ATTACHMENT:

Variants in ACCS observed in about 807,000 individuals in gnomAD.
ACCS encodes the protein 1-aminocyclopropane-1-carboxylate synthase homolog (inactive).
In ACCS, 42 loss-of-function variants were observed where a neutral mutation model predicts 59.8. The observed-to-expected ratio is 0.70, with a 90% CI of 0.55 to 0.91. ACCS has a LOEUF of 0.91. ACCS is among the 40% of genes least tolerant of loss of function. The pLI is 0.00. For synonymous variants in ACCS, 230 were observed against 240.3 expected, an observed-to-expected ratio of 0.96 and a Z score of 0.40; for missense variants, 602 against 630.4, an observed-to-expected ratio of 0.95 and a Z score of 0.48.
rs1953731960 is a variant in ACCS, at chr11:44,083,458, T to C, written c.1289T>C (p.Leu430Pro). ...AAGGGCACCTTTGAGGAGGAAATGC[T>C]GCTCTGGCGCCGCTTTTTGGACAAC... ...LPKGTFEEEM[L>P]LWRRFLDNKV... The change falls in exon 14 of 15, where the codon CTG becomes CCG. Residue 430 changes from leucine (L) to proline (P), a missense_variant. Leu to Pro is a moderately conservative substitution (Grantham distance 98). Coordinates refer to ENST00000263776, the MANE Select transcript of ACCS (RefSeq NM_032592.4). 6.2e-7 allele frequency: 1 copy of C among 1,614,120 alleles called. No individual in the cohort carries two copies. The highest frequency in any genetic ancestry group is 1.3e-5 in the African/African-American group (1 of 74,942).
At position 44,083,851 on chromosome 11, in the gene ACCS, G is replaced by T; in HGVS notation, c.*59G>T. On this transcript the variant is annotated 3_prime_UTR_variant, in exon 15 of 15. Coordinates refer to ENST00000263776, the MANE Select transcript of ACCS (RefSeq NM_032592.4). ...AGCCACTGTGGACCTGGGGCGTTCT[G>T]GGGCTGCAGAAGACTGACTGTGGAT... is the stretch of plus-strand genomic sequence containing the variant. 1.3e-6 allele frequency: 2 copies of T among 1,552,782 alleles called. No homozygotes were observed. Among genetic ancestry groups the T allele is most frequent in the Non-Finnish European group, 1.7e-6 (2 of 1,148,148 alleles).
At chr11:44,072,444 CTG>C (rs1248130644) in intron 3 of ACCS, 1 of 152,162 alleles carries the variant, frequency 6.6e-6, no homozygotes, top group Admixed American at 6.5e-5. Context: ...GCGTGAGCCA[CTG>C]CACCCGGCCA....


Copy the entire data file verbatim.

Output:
Variants in ACCS observed in about 807,000 individuals in gnomAD.
ACCS encodes the protein 1-aminocyclopropane-1-carboxylate synthase homolog (inactive).
In ACCS, 42 loss-of-function variants were observed where a neutral mutation model predicts 59.8. The observed-to-expected ratio is 0.70, with a 90% CI of 0.55 to 0.91. ACCS has a LOEUF of 0.91. ACCS is among the 40% of genes least tolerant of loss of function. The pLI is 0.00. For synonymous variants in ACCS, 230 were observed against 240.3 expected, an observed-to-expected ratio of 0.96 and a Z score of 0.40; for missense variants, 602 against 630.4, an observed-to-expected ratio of 0.95 and a Z score of 0.48.
rs1953731960 is a variant in ACCS, at chr11:44,083,458, T to C, written c.1289T>C (p.Leu430Pro). ...AAGGGCACCTTTGAGGAGGAAATGC[T>C]GCTCTGGCGCCGCTTTTTGGACAAC... ...LPKGTFEEEM[L>P]LWRRFLDNKV... The change falls in exon 14 of 15, where the codon CTG becomes CCG. Residue 430 changes from leucine (L) to proline (P), a missense_variant. Leu to Pro is a moderately conservative substitution (Grantham distance 98). Coordinates refer to ENST00000263776, the MANE Select transcript of ACCS (RefSeq NM_032592.4). 6.2e-7 allele frequency: 1 copy of C among 1,614,120 alleles called. No individual in the cohort carries two copies. The highest frequency in any genetic ancestry group is 1.3e-5 in the African/African-American group (1 of 74,942).
At position 44,083,851 on chromosome 11, in the gene ACCS, G is replaced by T; in HGVS notation, c.*59G>T. On this transcript the variant is annotated 3_prime_UTR_variant, in exon 15 of 15. Coordinates refer to ENST00000263776, the MANE Select transcript of ACCS (RefSeq NM_032592.4). ...AGCCACTGTGGACCTGGGGCGTTCT[G>T]GGGCTGCAGAAGACTGACTGTGGAT... is the stretch of plus-strand genomic sequence containing the variant. 1.3e-6 allele frequency: 2 copies of T among 1,552,782 alleles called. No homozygotes were observed. Among genetic ancestry groups the T allele is most frequent in the Non-Finnish European group, 1.7e-6 (2 of 1,148,148 alleles).
At chr11:44,072,444 CTG>C (rs1248130644) in intron 3 of ACCS, 1 of 152,162 alleles carries the variant, frequency 6.6e-6, no homozygotes, top group Admixed American at 6.5e-5. Context: ...GCGTGAGCCA[CTG>C]CACCCGGCCA....